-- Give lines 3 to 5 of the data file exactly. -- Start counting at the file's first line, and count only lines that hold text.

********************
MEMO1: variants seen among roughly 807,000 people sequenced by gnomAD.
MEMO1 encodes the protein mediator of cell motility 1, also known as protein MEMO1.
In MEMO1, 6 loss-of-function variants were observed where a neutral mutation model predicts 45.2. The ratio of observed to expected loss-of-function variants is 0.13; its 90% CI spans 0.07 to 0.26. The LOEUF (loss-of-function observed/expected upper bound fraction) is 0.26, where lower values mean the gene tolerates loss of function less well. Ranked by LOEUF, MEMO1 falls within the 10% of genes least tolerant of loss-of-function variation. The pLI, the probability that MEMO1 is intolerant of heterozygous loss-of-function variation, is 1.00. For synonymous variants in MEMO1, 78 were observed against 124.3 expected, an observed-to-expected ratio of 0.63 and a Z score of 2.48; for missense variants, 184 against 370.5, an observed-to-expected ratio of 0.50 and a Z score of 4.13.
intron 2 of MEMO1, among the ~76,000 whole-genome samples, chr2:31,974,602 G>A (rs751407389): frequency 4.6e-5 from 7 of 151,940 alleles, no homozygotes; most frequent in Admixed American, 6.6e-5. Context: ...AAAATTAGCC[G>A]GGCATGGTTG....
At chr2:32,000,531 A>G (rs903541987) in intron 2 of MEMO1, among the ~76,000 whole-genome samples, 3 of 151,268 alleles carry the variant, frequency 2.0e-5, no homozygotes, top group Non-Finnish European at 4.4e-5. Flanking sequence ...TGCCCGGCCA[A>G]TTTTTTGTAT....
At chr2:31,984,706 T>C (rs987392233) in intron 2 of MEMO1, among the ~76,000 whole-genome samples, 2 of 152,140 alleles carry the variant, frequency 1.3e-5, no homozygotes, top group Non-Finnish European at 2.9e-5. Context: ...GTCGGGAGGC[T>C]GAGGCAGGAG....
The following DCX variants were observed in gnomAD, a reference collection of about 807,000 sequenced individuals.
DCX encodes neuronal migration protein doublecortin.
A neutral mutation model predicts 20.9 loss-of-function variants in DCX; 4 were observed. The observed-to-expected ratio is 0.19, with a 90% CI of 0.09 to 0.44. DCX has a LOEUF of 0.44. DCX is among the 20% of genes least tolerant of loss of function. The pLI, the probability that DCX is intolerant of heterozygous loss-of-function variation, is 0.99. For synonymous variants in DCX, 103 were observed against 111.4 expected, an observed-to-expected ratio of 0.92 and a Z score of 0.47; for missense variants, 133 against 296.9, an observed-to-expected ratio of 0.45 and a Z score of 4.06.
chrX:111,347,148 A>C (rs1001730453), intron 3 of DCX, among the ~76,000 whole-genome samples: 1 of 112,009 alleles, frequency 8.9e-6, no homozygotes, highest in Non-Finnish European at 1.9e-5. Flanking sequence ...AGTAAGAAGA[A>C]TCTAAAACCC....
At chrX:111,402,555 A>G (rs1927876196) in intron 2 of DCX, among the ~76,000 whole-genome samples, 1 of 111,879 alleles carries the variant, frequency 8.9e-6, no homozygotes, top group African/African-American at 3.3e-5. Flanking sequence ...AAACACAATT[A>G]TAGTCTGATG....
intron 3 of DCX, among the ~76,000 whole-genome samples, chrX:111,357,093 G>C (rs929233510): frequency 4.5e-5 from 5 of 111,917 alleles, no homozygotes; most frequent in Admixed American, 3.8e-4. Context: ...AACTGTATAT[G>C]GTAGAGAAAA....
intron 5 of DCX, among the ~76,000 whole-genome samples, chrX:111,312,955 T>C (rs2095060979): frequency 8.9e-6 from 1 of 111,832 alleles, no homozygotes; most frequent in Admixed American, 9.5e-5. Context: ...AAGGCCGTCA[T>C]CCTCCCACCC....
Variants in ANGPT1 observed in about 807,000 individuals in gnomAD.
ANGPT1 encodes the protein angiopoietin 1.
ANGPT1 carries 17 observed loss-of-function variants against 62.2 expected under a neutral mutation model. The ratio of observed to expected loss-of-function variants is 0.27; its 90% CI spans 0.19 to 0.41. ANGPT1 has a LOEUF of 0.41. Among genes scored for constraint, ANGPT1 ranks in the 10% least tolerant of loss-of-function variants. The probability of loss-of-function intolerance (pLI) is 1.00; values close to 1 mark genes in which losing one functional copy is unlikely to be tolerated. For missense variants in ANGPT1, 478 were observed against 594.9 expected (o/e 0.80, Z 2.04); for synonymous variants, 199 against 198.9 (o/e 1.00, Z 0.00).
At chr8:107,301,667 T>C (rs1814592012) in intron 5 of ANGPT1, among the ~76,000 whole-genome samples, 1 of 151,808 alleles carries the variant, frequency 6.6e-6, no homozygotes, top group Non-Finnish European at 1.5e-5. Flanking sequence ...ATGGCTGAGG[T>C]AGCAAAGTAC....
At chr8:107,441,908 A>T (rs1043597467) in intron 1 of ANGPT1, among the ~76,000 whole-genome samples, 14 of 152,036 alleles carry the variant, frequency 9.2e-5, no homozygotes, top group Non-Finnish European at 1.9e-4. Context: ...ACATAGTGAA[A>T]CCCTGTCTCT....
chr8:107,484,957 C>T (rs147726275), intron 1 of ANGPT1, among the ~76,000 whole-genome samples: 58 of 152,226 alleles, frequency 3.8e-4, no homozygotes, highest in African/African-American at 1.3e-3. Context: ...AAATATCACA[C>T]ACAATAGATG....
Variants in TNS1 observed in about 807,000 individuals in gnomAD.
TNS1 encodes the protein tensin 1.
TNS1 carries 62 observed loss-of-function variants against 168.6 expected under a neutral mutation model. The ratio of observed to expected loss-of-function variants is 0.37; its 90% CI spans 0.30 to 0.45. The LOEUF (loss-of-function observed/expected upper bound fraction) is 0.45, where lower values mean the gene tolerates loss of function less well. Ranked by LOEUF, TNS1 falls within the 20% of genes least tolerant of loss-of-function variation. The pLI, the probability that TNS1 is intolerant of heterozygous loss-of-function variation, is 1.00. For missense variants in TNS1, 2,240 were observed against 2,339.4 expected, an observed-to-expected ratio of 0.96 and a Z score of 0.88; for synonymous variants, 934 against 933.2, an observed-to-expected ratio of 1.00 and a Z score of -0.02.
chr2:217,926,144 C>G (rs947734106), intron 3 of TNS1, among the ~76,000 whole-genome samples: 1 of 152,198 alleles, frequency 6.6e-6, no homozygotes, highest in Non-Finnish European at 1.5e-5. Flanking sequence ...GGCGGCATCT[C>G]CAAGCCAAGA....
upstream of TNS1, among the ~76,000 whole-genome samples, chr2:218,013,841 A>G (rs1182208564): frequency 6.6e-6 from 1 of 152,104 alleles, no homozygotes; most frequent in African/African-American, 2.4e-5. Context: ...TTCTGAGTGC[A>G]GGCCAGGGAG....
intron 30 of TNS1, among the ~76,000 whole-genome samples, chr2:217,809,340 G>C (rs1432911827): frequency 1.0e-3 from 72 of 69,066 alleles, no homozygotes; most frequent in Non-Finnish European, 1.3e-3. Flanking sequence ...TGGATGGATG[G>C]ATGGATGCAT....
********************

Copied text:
In MEMO1, 6 loss-of-function variants were observed where a neutral mutation model predicts 45.2. The ratio of observed to expected loss-of-function variants is 0.13; its 90% CI spans 0.07 to 0.26. The LOEUF (loss-of-function observed/expected upper bound fraction) is 0.26, where lower values mean the gene tolerates loss of function less well. Ranked by LOEUF, MEMO1 falls within the 10% of genes least tolerant of loss-of-function variation. The pLI, the probability that MEMO1 is intolerant of heterozygous loss-of-function variation, is 1.00. For synonymous variants in MEMO1, 78 were observed against 124.3 expected, an observed-to-expected ratio of 0.63 and a Z score of 2.48; for missense variants, 184 against 370.5, an observed-to-expected ratio of 0.50 and a Z score of 4.13.
intron 2 of MEMO1, among the ~76,000 whole-genome samples, chr2:31,974,602 G>A (rs751407389): frequency 4.6e-5 from 7 of 151,940 alleles, no homozygotes; most frequent in Admixed American, 6.6e-5. Context: ...AAAATTAGCC[G>A]GGCATGGTTG....
At chr2:32,000,531 A>G (rs903541987) in intron 2 of MEMO1, among the ~76,000 whole-genome samples, 3 of 151,268 alleles carry the variant, frequency 2.0e-5, no homozygotes, top group Non-Finnish European at 4.4e-5. Flanking sequence ...TGCCCGGCCA[A>G]TTTTTTGTAT....